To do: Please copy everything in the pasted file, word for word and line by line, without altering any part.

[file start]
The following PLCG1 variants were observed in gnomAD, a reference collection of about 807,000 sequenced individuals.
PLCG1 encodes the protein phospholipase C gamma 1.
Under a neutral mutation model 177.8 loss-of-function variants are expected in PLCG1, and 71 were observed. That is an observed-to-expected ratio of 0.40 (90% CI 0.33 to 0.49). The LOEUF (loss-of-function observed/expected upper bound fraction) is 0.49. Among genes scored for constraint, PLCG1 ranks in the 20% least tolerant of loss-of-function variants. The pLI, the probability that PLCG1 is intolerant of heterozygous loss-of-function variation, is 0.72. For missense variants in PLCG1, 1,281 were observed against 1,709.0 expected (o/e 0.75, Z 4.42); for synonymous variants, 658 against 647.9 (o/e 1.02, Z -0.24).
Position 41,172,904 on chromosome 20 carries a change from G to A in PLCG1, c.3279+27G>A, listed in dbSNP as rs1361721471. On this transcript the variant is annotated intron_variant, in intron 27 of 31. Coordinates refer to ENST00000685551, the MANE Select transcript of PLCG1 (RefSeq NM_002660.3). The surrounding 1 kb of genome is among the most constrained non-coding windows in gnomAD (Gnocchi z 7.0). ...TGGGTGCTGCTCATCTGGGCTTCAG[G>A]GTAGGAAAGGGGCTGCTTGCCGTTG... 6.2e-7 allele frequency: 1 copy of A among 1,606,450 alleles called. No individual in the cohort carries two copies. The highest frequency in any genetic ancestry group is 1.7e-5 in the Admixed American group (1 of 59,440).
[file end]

The following PLCG1 variants were observed in gnomAD, a reference collection of about 807,000 sequenced individuals.
PLCG1 encodes the protein phospholipase C gamma 1.
Under a neutral mutation model 177.8 loss-of-function variants are expected in PLCG1, and 71 were observed. That is an observed-to-expected ratio of 0.40 (90% CI 0.33 to 0.49). The LOEUF (loss-of-function observed/expected upper bound fraction) is 0.49. Among genes scored for constraint, PLCG1 ranks in the 20% least tolerant of loss-of-function variants. The pLI, the probability that PLCG1 is intolerant of heterozygous loss-of-function variation, is 0.72. For missense variants in PLCG1, 1,281 were observed against 1,709.0 expected (o/e 0.75, Z 4.42); for synonymous variants, 658 against 647.9 (o/e 1.02, Z -0.24).
Position 41,172,904 on chromosome 20 carries a change from G to A in PLCG1, c.3279+27G>A, listed in dbSNP as rs1361721471. On this transcript the variant is annotated intron_variant, in intron 27 of 31. Coordinates refer to ENST00000685551, the MANE Select transcript of PLCG1 (RefSeq NM_002660.3). The surrounding 1 kb of genome is among the most constrained non-coding windows in gnomAD (Gnocchi z 7.0). ...TGGGTGCTGCTCATCTGGGCTTCAG[G>A]GTAGGAAAGGGGCTGCTTGCCGTTG... 6.2e-7 allele frequency: 1 copy of A among 1,606,450 alleles called. No individual in the cohort carries two copies. The highest frequency in any genetic ancestry group is 1.7e-5 in the Admixed American group (1 of 59,440).